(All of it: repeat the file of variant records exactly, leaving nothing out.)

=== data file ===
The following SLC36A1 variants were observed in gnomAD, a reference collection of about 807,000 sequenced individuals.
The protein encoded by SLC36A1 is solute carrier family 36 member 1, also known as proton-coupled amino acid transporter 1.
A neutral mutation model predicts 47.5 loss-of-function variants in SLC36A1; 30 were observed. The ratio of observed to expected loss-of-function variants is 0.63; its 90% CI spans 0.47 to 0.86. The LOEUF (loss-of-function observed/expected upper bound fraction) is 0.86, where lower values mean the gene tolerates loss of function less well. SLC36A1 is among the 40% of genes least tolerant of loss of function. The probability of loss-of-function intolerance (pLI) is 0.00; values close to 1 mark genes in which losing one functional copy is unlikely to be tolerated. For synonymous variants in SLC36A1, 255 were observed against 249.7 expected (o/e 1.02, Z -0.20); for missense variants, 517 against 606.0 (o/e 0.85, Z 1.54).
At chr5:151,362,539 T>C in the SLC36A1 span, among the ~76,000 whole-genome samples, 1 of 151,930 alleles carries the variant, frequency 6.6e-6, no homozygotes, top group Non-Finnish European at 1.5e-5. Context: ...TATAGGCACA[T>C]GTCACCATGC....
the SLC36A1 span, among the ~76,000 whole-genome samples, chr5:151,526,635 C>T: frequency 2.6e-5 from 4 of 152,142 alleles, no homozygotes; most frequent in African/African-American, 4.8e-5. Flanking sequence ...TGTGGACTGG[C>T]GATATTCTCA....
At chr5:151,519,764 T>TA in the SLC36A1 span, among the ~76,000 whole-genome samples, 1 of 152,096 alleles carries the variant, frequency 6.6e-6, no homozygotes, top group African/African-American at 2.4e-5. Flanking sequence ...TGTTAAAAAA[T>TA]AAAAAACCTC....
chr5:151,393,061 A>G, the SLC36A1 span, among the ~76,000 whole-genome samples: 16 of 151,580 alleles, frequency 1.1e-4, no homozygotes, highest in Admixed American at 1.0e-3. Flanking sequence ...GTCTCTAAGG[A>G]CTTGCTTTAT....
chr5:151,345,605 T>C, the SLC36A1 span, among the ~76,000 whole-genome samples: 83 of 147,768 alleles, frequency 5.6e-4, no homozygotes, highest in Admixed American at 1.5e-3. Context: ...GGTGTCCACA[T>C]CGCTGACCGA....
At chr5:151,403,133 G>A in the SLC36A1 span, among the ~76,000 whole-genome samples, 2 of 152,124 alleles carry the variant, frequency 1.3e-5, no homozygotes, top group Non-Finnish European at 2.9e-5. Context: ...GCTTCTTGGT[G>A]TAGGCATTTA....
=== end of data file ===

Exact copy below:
The following SLC36A1 variants were observed in gnomAD, a reference collection of about 807,000 sequenced individuals.
The protein encoded by SLC36A1 is solute carrier family 36 member 1, also known as proton-coupled amino acid transporter 1.
A neutral mutation model predicts 47.5 loss-of-function variants in SLC36A1; 30 were observed. The ratio of observed to expected loss-of-function variants is 0.63; its 90% CI spans 0.47 to 0.86. The LOEUF (loss-of-function observed/expected upper bound fraction) is 0.86, where lower values mean the gene tolerates loss of function less well. SLC36A1 is among the 40% of genes least tolerant of loss of function. The probability of loss-of-function intolerance (pLI) is 0.00; values close to 1 mark genes in which losing one functional copy is unlikely to be tolerated. For synonymous variants in SLC36A1, 255 were observed against 249.7 expected (o/e 1.02, Z -0.20); for missense variants, 517 against 606.0 (o/e 0.85, Z 1.54).
At chr5:151,362,539 T>C in the SLC36A1 span, among the ~76,000 whole-genome samples, 1 of 151,930 alleles carries the variant, frequency 6.6e-6, no homozygotes, top group Non-Finnish European at 1.5e-5. Context: ...TATAGGCACA[T>C]GTCACCATGC....
the SLC36A1 span, among the ~76,000 whole-genome samples, chr5:151,526,635 C>T: frequency 2.6e-5 from 4 of 152,142 alleles, no homozygotes; most frequent in African/African-American, 4.8e-5. Flanking sequence ...TGTGGACTGG[C>T]GATATTCTCA....
At chr5:151,519,764 T>TA in the SLC36A1 span, among the ~76,000 whole-genome samples, 1 of 152,096 alleles carries the variant, frequency 6.6e-6, no homozygotes, top group African/African-American at 2.4e-5. Flanking sequence ...TGTTAAAAAA[T>TA]AAAAAACCTC....
chr5:151,393,061 A>G, the SLC36A1 span, among the ~76,000 whole-genome samples: 16 of 151,580 alleles, frequency 1.1e-4, no homozygotes, highest in Admixed American at 1.0e-3. Flanking sequence ...GTCTCTAAGG[A>G]CTTGCTTTAT....
chr5:151,345,605 T>C, the SLC36A1 span, among the ~76,000 whole-genome samples: 83 of 147,768 alleles, frequency 5.6e-4, no homozygotes, highest in Admixed American at 1.5e-3. Context: ...GGTGTCCACA[T>C]CGCTGACCGA....
At chr5:151,403,133 G>A in the SLC36A1 span, among the ~76,000 whole-genome samples, 2 of 152,124 alleles carry the variant, frequency 1.3e-5, no homozygotes, top group Non-Finnish European at 2.9e-5. Context: ...GCTTCTTGGT[G>A]TAGGCATTTA....